A very large study has found that use of cholinesterase inhibitors (the Alzheimer’s drugs Aricept, Exelon and Reminyl) is associated with increased rates of fainting, slowed heartrate, pacemaker insertion, and hip fracture. Both the injuries incurred from falling and the risks from pacemaker implants are "downstream consequences" of not recognizing that fainting and slowed heartrate may be a consequence of taking these drugs.
Gill, S.S. et al. 2009. Syncope and Its Consequences in Patients With Dementia Receiving Cholinesterase Inhibitors: A Population-Based Cohort Study. Archives of Internal Medicine, 169 (9), 867-873.
The first long-term study of the real-world use of Alzheimer's drugs has found that extended treatment with Alzheimer's disease drugs can significantly slow the rate at which the disorder advances, and combination therapy with two different classes of drugs (cholinesterase inhibitors and memantine) is even better at helping patients maintain their ability to perform daily activities. The results showed significant differences in the rate of symptom progression among all three groups – with the smallest level of decline in those receiving combination therapy. Cholinesterase inhibitors are approved for use in mild to moderate dementia, while memantine has been approved for advanced dementia. But these findings suggest there may be an advantage in prescribing both types of drugs as initial treatment.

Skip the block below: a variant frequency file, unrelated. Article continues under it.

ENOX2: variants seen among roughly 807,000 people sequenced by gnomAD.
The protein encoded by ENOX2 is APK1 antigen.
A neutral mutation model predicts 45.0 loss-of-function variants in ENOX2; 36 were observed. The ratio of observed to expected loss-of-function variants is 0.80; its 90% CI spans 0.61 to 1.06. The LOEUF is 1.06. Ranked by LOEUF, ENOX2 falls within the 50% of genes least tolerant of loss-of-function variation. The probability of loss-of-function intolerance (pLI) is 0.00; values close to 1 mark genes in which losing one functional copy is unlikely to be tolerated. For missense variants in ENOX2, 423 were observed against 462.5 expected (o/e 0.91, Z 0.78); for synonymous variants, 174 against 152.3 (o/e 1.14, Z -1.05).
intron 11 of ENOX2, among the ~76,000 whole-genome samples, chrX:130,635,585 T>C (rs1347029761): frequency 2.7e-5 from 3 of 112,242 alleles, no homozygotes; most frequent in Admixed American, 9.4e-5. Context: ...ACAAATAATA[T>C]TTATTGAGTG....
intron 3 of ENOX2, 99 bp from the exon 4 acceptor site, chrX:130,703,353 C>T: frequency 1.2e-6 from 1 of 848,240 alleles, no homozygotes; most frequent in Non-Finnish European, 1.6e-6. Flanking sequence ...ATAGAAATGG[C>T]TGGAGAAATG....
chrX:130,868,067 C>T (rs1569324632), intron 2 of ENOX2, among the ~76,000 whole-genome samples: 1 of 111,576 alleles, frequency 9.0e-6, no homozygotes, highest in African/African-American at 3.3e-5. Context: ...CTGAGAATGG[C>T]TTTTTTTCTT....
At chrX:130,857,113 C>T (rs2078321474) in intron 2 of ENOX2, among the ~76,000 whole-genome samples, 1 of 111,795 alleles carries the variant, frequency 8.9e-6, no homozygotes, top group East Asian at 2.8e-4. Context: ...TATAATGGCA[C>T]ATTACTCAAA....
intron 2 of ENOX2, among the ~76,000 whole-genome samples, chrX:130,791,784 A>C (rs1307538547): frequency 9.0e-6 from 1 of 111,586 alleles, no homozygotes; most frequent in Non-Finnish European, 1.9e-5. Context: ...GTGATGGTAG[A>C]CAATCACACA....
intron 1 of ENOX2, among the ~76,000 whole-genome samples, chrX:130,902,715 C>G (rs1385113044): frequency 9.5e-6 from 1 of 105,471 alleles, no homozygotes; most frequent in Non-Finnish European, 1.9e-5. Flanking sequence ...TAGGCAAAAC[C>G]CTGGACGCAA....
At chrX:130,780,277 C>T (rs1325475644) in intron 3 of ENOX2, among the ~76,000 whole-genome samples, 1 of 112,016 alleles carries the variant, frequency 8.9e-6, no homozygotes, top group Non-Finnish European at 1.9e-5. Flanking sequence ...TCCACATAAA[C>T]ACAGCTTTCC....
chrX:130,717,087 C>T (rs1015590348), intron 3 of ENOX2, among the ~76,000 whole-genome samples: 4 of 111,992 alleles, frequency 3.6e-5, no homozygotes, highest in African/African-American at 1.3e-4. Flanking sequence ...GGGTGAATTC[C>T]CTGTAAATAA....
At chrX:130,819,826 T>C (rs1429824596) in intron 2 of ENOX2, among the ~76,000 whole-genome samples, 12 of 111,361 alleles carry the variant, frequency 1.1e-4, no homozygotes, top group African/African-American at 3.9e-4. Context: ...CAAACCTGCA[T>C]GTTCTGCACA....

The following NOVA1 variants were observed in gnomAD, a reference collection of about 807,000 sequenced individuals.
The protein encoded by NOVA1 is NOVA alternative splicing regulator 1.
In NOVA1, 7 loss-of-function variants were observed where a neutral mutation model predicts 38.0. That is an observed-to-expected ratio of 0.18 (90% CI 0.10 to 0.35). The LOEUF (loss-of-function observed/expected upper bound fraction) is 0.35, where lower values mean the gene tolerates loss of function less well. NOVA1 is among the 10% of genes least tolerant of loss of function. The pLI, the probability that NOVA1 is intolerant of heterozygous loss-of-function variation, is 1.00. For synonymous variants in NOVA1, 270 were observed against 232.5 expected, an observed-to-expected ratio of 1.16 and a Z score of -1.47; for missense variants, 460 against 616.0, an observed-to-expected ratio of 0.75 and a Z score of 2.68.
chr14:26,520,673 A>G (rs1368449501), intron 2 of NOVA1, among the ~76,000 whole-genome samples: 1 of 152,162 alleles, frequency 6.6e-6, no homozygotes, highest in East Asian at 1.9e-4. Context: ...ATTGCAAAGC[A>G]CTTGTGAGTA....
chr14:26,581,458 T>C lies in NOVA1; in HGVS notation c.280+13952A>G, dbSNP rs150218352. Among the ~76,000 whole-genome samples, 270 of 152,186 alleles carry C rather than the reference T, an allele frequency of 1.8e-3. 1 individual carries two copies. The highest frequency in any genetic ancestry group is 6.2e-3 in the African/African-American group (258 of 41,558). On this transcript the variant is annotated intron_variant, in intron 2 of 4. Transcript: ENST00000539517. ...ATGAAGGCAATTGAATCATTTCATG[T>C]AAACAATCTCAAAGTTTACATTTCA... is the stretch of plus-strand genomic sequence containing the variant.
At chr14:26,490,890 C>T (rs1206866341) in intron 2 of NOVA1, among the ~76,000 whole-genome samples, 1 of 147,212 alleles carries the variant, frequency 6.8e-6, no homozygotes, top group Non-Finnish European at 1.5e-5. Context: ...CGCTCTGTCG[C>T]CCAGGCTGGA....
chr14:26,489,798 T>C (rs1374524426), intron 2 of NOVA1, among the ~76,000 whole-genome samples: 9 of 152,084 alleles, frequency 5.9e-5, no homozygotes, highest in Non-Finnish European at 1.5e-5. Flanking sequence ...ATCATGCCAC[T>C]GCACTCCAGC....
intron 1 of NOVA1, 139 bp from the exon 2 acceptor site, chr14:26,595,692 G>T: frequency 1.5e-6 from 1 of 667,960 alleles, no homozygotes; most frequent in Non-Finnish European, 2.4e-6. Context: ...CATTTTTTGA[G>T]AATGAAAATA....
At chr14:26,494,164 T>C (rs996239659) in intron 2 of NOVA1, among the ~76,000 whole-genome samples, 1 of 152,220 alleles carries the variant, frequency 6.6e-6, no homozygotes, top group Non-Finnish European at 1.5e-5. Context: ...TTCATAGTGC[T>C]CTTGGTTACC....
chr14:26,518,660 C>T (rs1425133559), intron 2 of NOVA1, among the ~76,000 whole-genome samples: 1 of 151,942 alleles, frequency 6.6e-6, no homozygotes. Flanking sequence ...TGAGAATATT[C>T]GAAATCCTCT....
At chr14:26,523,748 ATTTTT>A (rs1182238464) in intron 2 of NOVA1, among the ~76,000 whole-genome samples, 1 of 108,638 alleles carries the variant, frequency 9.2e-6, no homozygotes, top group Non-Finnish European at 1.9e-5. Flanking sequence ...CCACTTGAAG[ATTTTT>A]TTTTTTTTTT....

Atri, A. et al. 2008. Long-term Course and Effectiveness of Combination Therapy in Alzheimer Disease. Alzheimer Disease & Associated Disorders, 22(3), 209-221.
A review of six clinical trials that had addressed the use of cholinesterase inhibitors (donepezil, rivastigmine and galantamine) with MCI patients has found that in none of the trials did the use of the drugs significantly reduce the rate of progression from MCI to dementia.